It’s a new year. You know what that means: Time to review your digital marketing operation and figure out what’s working, what’s definitely not, and what needs to be iterated.

With the global economy in flux and marketing technology seemingly in a state of constant transformation, make 2023 the year you finally build a solid foundation for a comprehensive, responsive digital marketing strategy. The same-old, same-old won’t cut it anymore.

By December, see if you can’t take care of all nine digital marketing “musts” on this list — or come up with a satisfying explanation for why they’re not “musts” after all.

1. Retool Your Company Profile (And Rethink It Entirely If Necessary)

Start by reviewing your company profile — what’s posted on your website’s “About” page and your LinkedIn company description, basically — and make sure it’s still relevant in 2023. Firms of all sizes, but especially smaller ones, often take a “one and done” approach to descriptive content like this, not accounting for the fact that their services, staff, and culture may change over time.

It’s not a bad idea to retool or even scrap your company profile every few years. The amount of work required to create a new, more relevant profile is small in comparison to the opportunity cost of maintaining irrelevant content in a highly visible location. In the end, you want your profile to reflect your current identity and service menu — this company listing for Asiaciti Trust, a family-owned firm that provides fiduciary services and trust management expertise for clients across the world, is a good blueprint.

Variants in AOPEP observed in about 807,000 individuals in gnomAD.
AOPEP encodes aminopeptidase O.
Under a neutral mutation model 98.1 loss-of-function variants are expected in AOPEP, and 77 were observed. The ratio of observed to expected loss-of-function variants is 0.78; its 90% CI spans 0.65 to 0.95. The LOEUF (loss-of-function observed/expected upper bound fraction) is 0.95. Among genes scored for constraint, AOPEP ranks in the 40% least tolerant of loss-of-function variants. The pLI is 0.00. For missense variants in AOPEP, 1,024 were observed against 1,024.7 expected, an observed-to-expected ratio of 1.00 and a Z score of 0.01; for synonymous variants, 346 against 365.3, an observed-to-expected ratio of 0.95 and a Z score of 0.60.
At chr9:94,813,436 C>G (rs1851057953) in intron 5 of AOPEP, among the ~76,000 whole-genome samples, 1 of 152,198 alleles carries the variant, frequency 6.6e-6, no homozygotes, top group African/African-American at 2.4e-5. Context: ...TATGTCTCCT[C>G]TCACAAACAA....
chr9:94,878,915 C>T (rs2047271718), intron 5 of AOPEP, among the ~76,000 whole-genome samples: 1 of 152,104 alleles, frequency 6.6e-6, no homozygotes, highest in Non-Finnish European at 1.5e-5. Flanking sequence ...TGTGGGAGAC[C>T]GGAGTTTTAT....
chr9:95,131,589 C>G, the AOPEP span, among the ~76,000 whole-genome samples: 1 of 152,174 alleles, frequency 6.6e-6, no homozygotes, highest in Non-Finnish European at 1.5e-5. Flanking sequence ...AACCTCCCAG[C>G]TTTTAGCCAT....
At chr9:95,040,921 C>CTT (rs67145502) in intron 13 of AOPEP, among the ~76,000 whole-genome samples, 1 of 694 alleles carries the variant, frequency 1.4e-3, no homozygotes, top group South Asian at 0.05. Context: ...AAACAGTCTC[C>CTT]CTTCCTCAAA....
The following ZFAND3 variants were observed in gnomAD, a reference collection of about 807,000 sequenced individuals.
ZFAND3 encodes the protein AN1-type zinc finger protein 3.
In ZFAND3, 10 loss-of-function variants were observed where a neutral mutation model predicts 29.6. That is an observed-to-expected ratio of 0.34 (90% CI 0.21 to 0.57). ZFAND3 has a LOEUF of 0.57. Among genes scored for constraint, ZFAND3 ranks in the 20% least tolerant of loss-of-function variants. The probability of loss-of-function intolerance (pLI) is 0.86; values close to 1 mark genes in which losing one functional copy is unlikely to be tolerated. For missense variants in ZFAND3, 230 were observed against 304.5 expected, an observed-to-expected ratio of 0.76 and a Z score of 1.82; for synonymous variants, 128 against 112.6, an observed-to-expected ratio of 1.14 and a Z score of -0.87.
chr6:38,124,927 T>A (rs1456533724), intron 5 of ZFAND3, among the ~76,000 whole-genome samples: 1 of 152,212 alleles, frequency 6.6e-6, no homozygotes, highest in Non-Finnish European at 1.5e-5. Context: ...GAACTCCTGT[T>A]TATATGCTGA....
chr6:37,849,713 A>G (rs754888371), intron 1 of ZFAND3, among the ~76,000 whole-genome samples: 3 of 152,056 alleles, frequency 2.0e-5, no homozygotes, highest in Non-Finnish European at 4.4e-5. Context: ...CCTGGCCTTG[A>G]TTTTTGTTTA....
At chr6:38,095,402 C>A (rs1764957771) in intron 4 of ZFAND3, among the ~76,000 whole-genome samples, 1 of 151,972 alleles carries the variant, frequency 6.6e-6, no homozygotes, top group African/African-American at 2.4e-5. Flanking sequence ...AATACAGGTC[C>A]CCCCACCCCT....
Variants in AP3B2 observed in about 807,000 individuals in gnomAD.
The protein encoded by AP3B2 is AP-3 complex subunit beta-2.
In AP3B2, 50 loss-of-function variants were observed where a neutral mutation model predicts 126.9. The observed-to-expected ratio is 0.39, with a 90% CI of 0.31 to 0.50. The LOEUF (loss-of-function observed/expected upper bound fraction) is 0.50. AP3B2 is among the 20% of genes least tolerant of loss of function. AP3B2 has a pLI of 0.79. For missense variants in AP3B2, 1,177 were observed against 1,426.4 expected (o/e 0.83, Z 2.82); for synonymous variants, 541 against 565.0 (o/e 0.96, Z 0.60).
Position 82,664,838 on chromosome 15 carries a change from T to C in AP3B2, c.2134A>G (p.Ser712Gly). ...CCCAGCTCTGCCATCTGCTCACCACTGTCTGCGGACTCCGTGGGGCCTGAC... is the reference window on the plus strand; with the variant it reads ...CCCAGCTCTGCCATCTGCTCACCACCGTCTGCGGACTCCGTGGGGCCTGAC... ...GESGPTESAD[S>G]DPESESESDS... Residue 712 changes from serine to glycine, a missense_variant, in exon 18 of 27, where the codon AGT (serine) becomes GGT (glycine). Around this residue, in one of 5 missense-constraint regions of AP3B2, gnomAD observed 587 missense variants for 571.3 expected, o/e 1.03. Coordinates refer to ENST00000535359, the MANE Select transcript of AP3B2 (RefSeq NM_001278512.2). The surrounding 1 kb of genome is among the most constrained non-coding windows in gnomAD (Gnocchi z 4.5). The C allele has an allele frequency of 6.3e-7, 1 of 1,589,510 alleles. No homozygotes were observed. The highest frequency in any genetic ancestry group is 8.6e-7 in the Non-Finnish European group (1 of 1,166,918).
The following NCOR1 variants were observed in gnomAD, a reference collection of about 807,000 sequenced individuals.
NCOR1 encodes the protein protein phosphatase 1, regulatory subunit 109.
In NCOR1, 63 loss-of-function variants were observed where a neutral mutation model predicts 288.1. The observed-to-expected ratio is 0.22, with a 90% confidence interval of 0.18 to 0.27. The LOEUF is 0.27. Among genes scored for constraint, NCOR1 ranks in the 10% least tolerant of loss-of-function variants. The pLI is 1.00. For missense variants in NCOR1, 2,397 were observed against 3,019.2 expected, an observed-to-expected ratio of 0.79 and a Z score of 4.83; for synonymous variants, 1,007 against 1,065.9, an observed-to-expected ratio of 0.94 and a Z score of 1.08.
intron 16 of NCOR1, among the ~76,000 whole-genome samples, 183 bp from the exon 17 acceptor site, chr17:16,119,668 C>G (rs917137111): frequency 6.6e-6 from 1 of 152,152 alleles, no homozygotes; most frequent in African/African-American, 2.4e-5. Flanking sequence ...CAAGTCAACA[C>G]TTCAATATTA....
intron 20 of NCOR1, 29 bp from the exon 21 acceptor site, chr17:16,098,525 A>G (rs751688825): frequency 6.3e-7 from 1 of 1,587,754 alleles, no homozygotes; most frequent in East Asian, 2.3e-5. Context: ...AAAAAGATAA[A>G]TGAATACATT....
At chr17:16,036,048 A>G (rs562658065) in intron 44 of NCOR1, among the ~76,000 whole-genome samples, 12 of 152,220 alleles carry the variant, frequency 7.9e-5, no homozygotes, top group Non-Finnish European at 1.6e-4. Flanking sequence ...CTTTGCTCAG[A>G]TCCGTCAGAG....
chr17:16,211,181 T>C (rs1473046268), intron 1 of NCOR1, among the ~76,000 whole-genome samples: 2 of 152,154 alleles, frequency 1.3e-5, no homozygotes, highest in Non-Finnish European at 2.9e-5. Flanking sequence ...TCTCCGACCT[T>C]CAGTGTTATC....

2. Get Your Name on More High-Quality Domains

Take advantage of the natural “authority” that high-quality domains have with search engines like Google and Bing. Having a strong company website is a great start, but at the outset and probably for a good long while, it’s very unlikely to be the most important piece of your digital presence from an online visibility perspective.

High-quality domains that virtually any financial services firm can take advantage of include:

  • LinkedIn
  • Crunchbase
  • Job posting sites like Indeed
  • Facebook
  • Twitter
  • Pinterest (yes, Pinterest)
  • Medium
  • National financial regulators (which typically maintain directories of active financial services firms)

Look for niche or regional opportunities as well, like Hubbis in Asia and Seeking Alpha in North America. You’re limited only by your ability to establish and maintain a presence on these sites and platforms.

3. Start a Tightly Focused Company Newsletter (And Measure Results)

Dry, fact-oriented newsletters from financial services behemoths like HSBC are useful for financial professionals. If you’re focused more on generating client-side demand, however, you’ll want something punchier and more engaging.

Your newsletter can and should be “fact-oriented” still, of course, but you can get creative with formatting, tone, and subject matter. Consider hubbing your presence on a platform like Substack, which has built-in audience management tools, while using an email marketing tool like ConvertKit or Constant Contact to reach more prospects and measure engagement.

4. Launch a Company Podcast (And Stick With It)